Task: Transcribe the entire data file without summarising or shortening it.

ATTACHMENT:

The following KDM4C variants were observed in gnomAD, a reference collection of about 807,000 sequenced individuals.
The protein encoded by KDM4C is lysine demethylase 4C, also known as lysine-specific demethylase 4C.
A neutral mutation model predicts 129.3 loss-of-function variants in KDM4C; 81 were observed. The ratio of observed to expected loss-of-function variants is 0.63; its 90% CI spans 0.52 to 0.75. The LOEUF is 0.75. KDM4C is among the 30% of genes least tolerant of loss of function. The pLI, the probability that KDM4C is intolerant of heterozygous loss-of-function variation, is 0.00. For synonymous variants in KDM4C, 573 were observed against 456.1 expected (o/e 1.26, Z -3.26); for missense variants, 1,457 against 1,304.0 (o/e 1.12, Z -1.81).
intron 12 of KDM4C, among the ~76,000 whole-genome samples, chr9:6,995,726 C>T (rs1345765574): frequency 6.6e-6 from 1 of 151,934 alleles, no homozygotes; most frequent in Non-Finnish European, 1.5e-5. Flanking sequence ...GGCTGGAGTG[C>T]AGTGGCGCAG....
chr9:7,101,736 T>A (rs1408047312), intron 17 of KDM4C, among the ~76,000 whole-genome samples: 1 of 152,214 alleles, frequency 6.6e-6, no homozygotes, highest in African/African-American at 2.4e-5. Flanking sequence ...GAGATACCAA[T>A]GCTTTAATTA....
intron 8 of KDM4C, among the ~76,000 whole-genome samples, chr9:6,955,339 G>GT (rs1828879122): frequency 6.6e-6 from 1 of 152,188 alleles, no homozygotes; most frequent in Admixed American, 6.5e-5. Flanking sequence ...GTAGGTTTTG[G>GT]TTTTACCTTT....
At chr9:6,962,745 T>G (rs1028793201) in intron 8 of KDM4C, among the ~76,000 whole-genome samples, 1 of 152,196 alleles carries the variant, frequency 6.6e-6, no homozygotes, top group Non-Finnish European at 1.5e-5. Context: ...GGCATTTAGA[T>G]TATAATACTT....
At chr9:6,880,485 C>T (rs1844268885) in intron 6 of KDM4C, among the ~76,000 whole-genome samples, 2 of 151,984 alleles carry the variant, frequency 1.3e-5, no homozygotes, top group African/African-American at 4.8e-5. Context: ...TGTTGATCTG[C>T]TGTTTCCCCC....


The following KDM4C variants were observed in gnomAD, a reference collection of about 807,000 sequenced individuals.
The protein encoded by KDM4C is lysine demethylase 4C, also known as lysine-specific demethylase 4C.
A neutral mutation model predicts 129.3 loss-of-function variants in KDM4C; 81 were observed. The ratio of observed to expected loss-of-function variants is 0.63; its 90% CI spans 0.52 to 0.75. The LOEUF is 0.75. KDM4C is among the 30% of genes least tolerant of loss of function. The pLI, the probability that KDM4C is intolerant of heterozygous loss-of-function variation, is 0.00. For synonymous variants in KDM4C, 573 were observed against 456.1 expected (o/e 1.26, Z -3.26); for missense variants, 1,457 against 1,304.0 (o/e 1.12, Z -1.81).
intron 12 of KDM4C, among the ~76,000 whole-genome samples, chr9:6,995,726 C>T (rs1345765574): frequency 6.6e-6 from 1 of 151,934 alleles, no homozygotes; most frequent in Non-Finnish European, 1.5e-5. Flanking sequence ...GGCTGGAGTG[C>T]AGTGGCGCAG....
chr9:7,101,736 T>A (rs1408047312), intron 17 of KDM4C, among the ~76,000 whole-genome samples: 1 of 152,214 alleles, frequency 6.6e-6, no homozygotes, highest in African/African-American at 2.4e-5. Flanking sequence ...GAGATACCAA[T>A]GCTTTAATTA....
intron 8 of KDM4C, among the ~76,000 whole-genome samples, chr9:6,955,339 G>GT (rs1828879122): frequency 6.6e-6 from 1 of 152,188 alleles, no homozygotes; most frequent in Admixed American, 6.5e-5. Flanking sequence ...GTAGGTTTTG[G>GT]TTTTACCTTT....
At chr9:6,962,745 T>G (rs1028793201) in intron 8 of KDM4C, among the ~76,000 whole-genome samples, 1 of 152,196 alleles carries the variant, frequency 6.6e-6, no homozygotes, top group Non-Finnish European at 1.5e-5. Context: ...GGCATTTAGA[T>G]TATAATACTT....
At chr9:6,880,485 C>T (rs1844268885) in intron 6 of KDM4C, among the ~76,000 whole-genome samples, 2 of 151,984 alleles carry the variant, frequency 1.3e-5, no homozygotes, top group African/African-American at 4.8e-5. Context: ...TGTTGATCTG[C>T]TGTTTCCCCC....